From the Rev. Jane Bearden
For as in one body we have many members, and not all the members have the same function, so we, who are many, are one body in Christ, and individually we are members one of another. Rom 12:4-5
The week following Easter, three young folks from St Stephen’s and I traveled to Mississippi with a contingent of youth and adults from all over the diocese. For a week, we worked side by side with parishioners of Redeemer Church in Biloxi resetting wrought iron fences, cleaning up broken glass and the debris left in Katrina’s wake, repairing roofs and siding, and cleaning yards. It was a week of hot sun, biting insects, and hard work – but it was great fun! We were able to go on this mission of compassion and solidarity in large part because of the generosity of Trinity Episcopal Church in Topsfield and St. Stephen's Episcopal Church in Lynn. These two churches have engaged in shared ministries before and truly support each other's efforts in evangelism and outreach.
While we were in Mississippi we prayed, studied, and worshipped using the above text from Romans. We talked a lot about what it really means to be one body in Christ AND individual members together. The small group of which St. Stephen's was a part was a diverse lot. We were Asian, Anglo, African, and Latino, but we were bound together by our willingness to serve, our desire to stand in solidarity with those who were suffering, and our faith in God. As we gathered around the make-shift altar in a room with only half a ceiling and the lingering smell of mold we were no longer Yankees and Southerners, no longer those who serve and those who are served. We gathered together as one Body in Christ because at our center and driving our mission was and is our love of God and love of neighbor.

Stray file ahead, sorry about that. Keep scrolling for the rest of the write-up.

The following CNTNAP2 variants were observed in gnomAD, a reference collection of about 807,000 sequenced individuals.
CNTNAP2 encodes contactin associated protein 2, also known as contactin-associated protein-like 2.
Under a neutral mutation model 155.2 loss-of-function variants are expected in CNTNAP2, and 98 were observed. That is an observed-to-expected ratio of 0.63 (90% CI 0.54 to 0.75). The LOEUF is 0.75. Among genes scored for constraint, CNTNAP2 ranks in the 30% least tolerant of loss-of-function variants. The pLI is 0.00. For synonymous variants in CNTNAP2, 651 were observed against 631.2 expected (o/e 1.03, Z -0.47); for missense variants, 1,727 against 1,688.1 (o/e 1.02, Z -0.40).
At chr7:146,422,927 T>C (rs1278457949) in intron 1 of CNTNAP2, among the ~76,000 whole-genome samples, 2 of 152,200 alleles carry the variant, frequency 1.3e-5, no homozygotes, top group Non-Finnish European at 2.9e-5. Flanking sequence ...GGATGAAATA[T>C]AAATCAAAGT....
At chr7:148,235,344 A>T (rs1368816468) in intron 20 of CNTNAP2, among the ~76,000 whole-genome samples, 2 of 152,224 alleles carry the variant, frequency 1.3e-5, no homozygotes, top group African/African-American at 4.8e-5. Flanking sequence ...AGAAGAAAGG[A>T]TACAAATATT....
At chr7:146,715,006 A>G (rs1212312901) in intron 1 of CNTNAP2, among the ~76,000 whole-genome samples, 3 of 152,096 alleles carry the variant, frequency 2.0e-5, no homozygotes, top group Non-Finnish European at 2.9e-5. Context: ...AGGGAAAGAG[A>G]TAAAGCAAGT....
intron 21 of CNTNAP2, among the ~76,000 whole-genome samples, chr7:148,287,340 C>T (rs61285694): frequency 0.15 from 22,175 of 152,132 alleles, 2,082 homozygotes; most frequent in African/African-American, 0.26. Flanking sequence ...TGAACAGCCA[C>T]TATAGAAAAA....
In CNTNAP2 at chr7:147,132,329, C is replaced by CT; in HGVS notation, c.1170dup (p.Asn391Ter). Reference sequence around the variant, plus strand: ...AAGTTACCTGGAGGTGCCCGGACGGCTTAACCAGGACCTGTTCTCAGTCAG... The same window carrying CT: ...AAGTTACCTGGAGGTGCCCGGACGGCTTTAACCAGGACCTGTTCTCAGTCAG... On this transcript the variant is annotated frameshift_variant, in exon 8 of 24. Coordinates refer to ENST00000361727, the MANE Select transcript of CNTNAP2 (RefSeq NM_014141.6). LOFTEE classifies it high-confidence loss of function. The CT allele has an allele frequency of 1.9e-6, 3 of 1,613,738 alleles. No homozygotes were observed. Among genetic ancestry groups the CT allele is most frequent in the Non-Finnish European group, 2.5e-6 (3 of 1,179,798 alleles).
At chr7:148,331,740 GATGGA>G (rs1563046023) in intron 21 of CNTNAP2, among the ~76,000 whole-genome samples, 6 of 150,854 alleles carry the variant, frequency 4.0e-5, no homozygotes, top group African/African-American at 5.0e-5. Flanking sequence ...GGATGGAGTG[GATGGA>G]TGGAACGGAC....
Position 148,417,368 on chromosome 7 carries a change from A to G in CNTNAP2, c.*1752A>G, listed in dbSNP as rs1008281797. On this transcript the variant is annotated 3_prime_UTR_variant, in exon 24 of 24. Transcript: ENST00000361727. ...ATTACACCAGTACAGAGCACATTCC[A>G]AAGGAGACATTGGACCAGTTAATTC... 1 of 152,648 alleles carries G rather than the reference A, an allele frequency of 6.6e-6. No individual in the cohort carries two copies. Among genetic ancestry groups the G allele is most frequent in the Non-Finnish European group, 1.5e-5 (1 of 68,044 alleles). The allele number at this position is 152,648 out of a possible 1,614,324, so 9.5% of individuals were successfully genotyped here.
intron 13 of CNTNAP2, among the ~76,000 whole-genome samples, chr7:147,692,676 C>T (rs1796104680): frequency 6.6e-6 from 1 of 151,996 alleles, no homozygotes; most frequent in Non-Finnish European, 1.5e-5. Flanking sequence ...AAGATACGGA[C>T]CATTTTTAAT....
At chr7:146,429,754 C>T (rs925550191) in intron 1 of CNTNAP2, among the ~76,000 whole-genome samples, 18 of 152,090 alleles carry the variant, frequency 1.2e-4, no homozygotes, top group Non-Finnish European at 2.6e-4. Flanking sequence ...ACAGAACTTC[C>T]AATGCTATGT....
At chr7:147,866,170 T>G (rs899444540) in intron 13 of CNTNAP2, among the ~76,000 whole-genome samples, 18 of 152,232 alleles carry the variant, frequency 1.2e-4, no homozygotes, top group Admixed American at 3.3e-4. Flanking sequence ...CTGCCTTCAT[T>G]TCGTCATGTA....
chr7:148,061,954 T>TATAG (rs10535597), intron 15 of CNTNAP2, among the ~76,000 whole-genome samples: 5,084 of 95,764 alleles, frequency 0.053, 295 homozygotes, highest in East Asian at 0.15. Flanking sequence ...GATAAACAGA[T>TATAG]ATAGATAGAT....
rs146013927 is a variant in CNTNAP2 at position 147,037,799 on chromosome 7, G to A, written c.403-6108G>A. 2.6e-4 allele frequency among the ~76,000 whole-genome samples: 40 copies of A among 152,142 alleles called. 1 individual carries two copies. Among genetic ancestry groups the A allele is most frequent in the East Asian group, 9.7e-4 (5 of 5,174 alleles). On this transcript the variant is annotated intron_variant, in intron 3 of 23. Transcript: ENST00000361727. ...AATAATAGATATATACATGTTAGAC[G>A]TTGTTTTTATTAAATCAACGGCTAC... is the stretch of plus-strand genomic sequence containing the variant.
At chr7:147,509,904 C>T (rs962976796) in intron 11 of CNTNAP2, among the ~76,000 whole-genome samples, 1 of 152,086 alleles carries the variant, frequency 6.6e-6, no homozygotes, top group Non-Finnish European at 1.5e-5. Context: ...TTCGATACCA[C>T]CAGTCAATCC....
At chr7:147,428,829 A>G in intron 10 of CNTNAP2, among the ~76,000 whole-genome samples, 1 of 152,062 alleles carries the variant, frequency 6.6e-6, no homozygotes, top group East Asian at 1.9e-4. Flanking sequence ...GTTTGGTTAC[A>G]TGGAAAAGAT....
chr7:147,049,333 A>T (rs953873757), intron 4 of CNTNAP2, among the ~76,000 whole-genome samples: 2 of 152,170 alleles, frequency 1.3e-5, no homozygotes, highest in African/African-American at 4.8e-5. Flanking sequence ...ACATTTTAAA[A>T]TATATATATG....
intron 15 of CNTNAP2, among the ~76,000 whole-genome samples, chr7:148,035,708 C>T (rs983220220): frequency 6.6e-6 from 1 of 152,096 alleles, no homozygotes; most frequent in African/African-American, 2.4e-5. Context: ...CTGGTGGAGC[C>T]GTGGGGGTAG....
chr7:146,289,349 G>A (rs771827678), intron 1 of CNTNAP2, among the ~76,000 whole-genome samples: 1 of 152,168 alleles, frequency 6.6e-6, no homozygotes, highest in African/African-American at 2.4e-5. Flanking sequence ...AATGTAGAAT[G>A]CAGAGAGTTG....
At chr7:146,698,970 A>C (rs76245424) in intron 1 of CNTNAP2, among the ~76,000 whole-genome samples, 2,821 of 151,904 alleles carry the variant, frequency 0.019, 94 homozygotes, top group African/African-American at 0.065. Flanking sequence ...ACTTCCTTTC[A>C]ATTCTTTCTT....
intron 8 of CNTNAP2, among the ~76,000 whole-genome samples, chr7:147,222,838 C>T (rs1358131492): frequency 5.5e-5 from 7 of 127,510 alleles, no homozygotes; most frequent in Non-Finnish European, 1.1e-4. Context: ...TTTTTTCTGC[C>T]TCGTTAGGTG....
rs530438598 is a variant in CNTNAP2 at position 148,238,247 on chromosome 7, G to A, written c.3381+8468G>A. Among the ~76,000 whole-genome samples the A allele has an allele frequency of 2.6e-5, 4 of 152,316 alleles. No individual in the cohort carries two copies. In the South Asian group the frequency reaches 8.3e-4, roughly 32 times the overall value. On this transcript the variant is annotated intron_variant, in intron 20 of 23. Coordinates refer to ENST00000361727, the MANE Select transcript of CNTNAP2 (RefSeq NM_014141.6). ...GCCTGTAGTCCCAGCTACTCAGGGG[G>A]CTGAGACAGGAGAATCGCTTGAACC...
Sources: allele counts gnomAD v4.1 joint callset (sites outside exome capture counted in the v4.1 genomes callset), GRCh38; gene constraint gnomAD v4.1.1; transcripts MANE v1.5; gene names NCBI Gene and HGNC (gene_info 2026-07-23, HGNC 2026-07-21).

One of the more laborious tasks on the coast was assisting Ron the welder with resetting a fence that had been literally picked up and thrown by the force of Katrina’s tide. It was incredibly heavy. The sand, glass, and concrete that lay on top had to be cleared, the post holes had to be dug, and the iron pieces picked up and held steady as Ron used hydraulic jacks to straighten the posts and prepare them for the concrete to be mixed by hand and poured in – one post at a time. It was a slow process and one that required that we move together and be patient while others moved around preparing the mortar. Ron was not particularly articulate, but his words - shared with each young person - were full of wisdom. He spoke quietly and with a heavy drawl. He and others we met told the kids the stories of Redeemer and of the people of Mississippi. He talked to them about their love for each other and his appreciation for our having come to Mississippi and letting him know that people in Massachusetts care enough to step outside their comfort zone to help.
The young people learned a lot about what it means to be in another culture with different traditions. They learned to be respectful of difference. They learned the blessing that comes when one patiently listens to the wisdom of the aged – the wisdom of those who have a perspective on the pain of disasters like Katrina that is tempered with the memory of world wars, atom bombs, the Holocaust, and natural disasters that claim hundreds of thousands of lives. They learned a lot about what it means to be the Body of Christ in the world.